Take A Cue From Teachers

As a former substitute teacher, one great tip I learned from teachers is to make sure your kids clean up as soon as they’re finished with that particular lesson. If you keep up with it, it becomes routine and they’ll automatically start to clean up when that portion of the day is finished. After each live session or video subject ends, have them put those materials away to prepare for the next lesson. At the end of the virtual school day, make sure to set aside a few minutes to have them straighten up their desk and clean up anything left on the floor. Everyone will benefit from a clean homeclutter causes anxiety and can add to an already stressful situation. When I subbed mid-year, I didn’t even have to ask the students to do this, it had already become an automatic daily routine. 


Set A Routine

One of the most important aspects of virtual schooling is to have a set routine for the day. Try to have your kids attend the live teaching sessions as much as possible, so they feel connected to their new teacher and classmates on a set schedule. Last spring, my kids told me that they didn’t like not being in school because they missed their routine. So my husband and I created a schedule for them that remained posted on the wall each day to check, so they’d know what to do if my husband and I were in Zoom meetings. We would interchange schoolwork with time for exercise, chores, reading, technology time, and playing outside to break up the day.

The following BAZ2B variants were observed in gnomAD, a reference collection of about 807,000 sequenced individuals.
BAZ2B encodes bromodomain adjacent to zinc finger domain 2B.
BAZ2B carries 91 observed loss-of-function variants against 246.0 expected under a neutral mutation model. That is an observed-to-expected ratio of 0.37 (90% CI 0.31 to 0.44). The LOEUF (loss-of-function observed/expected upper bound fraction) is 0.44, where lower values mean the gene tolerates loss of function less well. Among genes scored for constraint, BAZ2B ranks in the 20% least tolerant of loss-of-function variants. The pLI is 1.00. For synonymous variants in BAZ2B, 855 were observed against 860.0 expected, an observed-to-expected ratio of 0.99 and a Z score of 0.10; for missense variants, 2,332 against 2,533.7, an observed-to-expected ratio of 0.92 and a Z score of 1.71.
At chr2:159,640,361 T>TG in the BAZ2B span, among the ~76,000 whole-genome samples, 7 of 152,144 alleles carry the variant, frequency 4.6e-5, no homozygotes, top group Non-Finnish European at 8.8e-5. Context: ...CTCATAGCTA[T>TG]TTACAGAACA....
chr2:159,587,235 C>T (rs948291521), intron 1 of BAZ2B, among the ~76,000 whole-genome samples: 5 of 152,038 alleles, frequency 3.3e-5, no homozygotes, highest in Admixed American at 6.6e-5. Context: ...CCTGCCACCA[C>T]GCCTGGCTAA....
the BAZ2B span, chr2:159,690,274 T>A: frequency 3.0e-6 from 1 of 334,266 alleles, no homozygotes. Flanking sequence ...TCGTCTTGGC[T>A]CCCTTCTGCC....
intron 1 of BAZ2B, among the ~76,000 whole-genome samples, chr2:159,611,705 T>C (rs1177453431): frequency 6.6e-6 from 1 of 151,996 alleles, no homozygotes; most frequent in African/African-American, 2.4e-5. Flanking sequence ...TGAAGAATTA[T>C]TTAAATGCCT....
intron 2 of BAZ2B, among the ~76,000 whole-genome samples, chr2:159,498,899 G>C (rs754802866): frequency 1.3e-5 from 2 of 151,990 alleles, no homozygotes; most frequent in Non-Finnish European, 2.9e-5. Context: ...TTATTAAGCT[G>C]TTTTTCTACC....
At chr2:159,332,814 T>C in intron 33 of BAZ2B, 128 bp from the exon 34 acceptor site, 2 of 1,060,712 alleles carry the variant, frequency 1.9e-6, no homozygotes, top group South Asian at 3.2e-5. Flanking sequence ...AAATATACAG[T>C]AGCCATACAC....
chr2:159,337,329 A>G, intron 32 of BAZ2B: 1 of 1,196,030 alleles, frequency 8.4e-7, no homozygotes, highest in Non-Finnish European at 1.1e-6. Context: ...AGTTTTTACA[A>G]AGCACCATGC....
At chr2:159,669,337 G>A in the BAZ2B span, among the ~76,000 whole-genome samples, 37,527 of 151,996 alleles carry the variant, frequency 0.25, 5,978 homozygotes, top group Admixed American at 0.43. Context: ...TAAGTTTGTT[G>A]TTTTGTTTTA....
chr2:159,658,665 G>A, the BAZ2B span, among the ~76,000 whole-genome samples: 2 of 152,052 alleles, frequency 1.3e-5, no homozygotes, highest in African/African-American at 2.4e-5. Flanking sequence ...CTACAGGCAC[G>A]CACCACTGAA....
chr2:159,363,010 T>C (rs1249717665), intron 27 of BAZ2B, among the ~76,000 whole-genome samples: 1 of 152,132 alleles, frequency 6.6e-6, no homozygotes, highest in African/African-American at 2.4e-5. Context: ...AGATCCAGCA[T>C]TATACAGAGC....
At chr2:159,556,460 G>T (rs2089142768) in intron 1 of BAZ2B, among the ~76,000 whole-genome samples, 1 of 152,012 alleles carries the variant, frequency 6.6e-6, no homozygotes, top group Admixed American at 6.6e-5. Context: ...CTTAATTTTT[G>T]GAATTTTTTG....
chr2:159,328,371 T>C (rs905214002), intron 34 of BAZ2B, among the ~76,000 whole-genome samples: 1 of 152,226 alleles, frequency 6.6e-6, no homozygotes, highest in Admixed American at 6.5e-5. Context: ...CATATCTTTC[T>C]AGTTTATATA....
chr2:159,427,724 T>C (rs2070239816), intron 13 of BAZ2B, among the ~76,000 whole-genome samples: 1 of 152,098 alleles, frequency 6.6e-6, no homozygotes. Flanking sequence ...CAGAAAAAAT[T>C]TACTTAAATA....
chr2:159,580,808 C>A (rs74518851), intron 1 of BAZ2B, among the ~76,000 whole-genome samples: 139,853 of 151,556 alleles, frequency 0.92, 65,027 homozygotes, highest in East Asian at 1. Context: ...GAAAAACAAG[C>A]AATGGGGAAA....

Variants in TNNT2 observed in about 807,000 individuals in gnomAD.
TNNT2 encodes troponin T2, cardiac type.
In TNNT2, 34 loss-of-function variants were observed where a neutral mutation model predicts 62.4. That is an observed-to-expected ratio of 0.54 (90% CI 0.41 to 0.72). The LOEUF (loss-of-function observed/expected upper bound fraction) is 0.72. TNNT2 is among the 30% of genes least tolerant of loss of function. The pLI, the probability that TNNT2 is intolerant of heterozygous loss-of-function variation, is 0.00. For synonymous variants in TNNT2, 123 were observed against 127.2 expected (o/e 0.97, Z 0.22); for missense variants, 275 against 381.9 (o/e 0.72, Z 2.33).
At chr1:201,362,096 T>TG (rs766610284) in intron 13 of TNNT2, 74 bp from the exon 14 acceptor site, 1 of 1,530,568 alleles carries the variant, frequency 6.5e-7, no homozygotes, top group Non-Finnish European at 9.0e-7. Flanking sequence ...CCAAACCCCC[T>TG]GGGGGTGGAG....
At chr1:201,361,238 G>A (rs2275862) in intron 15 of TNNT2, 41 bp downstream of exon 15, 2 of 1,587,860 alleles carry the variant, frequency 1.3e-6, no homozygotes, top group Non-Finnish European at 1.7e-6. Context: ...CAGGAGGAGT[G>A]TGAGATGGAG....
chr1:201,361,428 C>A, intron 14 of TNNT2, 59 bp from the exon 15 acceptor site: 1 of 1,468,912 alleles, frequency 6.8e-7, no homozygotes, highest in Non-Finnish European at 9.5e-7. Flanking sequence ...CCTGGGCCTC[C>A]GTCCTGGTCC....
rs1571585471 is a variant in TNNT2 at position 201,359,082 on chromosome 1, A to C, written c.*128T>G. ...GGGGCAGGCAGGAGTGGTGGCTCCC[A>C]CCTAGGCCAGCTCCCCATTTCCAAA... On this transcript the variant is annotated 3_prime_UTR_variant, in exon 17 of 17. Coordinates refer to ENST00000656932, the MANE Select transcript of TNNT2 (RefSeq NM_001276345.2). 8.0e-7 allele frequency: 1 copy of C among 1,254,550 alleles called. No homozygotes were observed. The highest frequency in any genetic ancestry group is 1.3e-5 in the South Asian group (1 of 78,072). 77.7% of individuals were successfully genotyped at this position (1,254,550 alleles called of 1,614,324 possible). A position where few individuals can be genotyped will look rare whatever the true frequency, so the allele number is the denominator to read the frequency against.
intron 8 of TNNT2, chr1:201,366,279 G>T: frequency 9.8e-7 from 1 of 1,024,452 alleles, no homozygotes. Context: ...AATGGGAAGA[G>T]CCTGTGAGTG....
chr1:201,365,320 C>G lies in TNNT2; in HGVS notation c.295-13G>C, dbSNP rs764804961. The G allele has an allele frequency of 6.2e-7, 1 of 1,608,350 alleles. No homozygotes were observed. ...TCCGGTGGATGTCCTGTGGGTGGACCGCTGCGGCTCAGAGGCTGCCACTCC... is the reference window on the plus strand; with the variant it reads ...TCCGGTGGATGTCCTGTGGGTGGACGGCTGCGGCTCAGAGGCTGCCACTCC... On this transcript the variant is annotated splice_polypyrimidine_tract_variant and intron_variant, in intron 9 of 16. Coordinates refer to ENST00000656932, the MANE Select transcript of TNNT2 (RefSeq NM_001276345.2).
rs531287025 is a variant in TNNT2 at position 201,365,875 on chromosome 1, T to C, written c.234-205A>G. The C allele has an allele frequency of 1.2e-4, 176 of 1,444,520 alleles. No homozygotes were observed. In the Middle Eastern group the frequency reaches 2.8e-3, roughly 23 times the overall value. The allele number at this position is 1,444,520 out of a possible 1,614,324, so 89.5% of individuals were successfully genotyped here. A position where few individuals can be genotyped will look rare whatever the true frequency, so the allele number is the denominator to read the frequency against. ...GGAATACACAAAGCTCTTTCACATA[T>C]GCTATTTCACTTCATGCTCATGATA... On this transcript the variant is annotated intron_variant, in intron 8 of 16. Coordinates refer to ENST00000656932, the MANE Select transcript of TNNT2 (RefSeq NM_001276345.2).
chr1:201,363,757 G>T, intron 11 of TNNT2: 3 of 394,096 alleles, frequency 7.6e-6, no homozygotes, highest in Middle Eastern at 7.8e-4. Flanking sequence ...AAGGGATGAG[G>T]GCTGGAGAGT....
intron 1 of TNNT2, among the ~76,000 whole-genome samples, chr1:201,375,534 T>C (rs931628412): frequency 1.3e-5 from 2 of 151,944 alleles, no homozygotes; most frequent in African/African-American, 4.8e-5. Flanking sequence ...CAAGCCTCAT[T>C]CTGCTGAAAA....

Be sure to also treat each day like an actual school and work day if you’re working, too. Have your kids eat a full breakfast and get dressed like they normally would. I know it’s so cozy to work in your pj’s, but you do start to feel like a slob after a while and not prepared to do your best. 

As for routine tips, I would recommend saving technology time for the end of the day when they’re more tired and chores for the morning. I’ve read numerous studies that screen time can cause irritability, so we’ve banned it in the morningwho wants to start the day out with a grumpy kid?! And it’s actually made a difference. 

If you have multiple children who will be doing virtual school at the same time, I recommend purchasing headphones with a microphone if they need to ask their teacher a question. I found some that even glow in the dark at Five Below. 


Give Yourself Some Space

Don’t feel guilty taking some time to yourself! Create a clean, quiet, peaceful space to relax and recharge for an hour each day. Also, make sure that your space is comfortable and has a relaxing ambience. Soft yellow accents, like pillows and throw blankets infuse happiness, while muted sage green walls create a peaceful setting. Round out the room with cream or light gray furniture to create a calming effect. 


Relax & Recharge!

If you find yourself suffering from daily aches and pains, some recliners, such as UltraComfort’s Eclipse collection offer zero gravity weightlessness, as well as head and back support to rejuvenate your body while you experience total relaxation. These chairs are the perfect ergonomic fit when working from home or to take a load off after a long day. 

UltraComfort zero gravity recliner

Thanks to the few changes mentioned above, not only will my kids have more structure and organization, I now have my sanity room back. As for the rest of life in general, I’m sure nothing this year will go as planned, but we’ll keep rolling with punches, and if nothing else, at least this pandemic will teach our kids how to be flexible and resilient. To all my fellow virtual-schooling parents, good luck and Godspeed!